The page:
6. I know you said you've taken prep courses but have you tried a tutor? I know they can get expensive but sometimes just a session or two can make a difference. Maybe you're on the cusp of getting it and you just need a bit of help to make things click? If you absolutely can't afford a tutor, maybe try a different approach/a different book that is more in-line with how you think and approach problems? Or maybe you just need more time? Maybe studying full-time isn't working for you because it just stresses you out more (the more hours you spend studying during a session, the less material you absorb, which makes you stress out even more)? Before writing the LSAT did you try to replicate testing conditions (and that includes waking up early, using maybe a proctor app, eating what you'd be eating on the day of the test). Obviously, on the actual day of the test, a few things will be different but if you can minimize the number of things that are different, you might be less nervous. The first time I took the LSAT, I was really nervous because I didn't really know how it was going to be which made me feel a bit unprepared. When I wrote it the second time though, I was a lot less nervous because I knew what I was getting into. Don't despair, stay positive and keep practicing! Edit: I see that you took about 20 PTs before the December LSAT and only 1 before the Feb. Did you do a lot of drilling? I know this may be excessive but I went through almost every section (whether that be fully-timed PT or just practicing sections) of PTs 12-the last one available.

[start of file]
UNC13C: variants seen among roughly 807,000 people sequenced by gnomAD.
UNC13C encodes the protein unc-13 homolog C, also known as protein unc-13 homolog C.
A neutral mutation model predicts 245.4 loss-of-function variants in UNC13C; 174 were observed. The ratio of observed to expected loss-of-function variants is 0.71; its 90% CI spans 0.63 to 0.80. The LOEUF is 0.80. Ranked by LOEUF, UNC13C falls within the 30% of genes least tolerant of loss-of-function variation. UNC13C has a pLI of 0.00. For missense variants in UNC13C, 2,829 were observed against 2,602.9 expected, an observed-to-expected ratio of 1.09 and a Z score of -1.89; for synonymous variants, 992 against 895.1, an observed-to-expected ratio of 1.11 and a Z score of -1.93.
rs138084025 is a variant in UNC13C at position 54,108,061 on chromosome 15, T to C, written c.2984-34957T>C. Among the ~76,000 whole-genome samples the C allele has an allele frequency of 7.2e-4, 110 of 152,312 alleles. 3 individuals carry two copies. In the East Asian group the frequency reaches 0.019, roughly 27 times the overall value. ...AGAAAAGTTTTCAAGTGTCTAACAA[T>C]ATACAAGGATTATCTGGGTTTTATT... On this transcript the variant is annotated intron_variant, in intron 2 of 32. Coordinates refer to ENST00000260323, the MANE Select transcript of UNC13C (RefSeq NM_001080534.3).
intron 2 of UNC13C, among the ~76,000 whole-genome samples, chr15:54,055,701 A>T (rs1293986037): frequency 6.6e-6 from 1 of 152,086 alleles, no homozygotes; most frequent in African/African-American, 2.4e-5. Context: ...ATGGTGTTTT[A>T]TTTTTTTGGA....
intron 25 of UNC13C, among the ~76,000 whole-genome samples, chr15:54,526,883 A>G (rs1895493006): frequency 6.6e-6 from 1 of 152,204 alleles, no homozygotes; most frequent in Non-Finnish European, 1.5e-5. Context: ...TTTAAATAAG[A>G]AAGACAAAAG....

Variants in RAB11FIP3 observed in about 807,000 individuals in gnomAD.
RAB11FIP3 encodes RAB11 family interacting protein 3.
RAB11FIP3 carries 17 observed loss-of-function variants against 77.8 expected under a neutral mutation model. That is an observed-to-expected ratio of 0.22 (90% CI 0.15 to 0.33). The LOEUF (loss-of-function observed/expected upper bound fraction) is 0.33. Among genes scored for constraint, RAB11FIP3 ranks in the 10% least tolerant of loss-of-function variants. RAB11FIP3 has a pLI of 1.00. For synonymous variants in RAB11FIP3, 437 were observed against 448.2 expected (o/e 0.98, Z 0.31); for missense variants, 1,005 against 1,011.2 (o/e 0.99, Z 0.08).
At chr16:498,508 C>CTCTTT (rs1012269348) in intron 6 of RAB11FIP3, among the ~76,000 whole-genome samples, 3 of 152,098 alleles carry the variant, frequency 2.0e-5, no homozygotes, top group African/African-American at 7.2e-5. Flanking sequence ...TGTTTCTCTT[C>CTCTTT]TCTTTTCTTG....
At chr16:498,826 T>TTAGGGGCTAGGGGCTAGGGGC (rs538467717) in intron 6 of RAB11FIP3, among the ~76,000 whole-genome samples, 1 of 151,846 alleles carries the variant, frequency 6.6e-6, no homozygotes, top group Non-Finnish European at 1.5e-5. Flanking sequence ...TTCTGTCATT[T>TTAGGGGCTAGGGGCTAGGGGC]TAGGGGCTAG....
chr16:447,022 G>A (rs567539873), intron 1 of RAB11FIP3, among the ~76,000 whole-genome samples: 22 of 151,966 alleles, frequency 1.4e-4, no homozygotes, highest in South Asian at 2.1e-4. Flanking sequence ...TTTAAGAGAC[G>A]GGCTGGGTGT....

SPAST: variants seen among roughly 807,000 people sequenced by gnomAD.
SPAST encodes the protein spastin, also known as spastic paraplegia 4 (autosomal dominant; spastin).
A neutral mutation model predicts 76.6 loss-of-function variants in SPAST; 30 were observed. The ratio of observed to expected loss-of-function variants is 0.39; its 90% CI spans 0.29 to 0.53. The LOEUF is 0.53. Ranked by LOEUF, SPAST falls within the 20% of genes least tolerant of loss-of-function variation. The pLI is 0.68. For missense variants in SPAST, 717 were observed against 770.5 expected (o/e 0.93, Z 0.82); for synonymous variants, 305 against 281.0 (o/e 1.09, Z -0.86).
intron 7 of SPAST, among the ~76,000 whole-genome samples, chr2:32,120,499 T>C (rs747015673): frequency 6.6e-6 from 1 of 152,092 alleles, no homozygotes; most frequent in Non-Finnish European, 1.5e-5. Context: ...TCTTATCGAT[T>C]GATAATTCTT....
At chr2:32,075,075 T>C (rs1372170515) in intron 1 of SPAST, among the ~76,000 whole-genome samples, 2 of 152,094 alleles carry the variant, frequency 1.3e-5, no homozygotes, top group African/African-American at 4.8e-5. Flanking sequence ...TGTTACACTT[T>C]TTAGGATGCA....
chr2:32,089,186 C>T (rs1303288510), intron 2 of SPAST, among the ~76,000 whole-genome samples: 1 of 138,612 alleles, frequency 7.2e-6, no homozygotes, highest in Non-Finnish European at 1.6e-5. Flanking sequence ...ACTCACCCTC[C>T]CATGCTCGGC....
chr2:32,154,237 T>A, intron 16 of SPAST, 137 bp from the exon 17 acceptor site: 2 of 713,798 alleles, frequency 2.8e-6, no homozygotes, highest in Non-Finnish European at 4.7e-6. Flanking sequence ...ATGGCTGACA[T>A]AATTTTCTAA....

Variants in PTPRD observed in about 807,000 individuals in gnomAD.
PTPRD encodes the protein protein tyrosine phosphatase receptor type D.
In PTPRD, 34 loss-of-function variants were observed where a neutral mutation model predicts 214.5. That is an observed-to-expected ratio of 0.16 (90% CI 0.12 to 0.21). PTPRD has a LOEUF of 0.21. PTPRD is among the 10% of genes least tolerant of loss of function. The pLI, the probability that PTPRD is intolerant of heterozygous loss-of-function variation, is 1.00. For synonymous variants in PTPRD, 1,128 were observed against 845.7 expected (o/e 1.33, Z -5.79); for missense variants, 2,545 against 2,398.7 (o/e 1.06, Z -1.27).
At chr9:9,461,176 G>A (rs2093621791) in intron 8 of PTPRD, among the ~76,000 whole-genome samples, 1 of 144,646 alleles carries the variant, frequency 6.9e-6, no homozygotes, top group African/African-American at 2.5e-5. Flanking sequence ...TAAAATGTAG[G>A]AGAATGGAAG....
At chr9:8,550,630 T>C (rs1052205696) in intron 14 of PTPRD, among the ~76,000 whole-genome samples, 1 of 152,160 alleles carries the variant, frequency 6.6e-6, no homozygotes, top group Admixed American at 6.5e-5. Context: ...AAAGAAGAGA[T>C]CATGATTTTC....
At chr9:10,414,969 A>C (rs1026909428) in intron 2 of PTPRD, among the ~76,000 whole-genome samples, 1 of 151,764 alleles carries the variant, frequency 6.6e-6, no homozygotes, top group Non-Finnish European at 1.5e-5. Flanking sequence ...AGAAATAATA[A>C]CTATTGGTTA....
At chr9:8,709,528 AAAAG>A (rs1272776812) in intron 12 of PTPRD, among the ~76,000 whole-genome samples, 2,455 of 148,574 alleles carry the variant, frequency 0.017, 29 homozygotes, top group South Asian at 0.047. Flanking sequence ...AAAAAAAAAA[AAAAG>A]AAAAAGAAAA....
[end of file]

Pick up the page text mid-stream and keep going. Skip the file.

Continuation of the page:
7. Waitlisted at U of T 2018

    Woa. Did you only write the LSAT in February? I guess the class must already be full because your stats are very very good!
  8. Taking a Year Off to Apply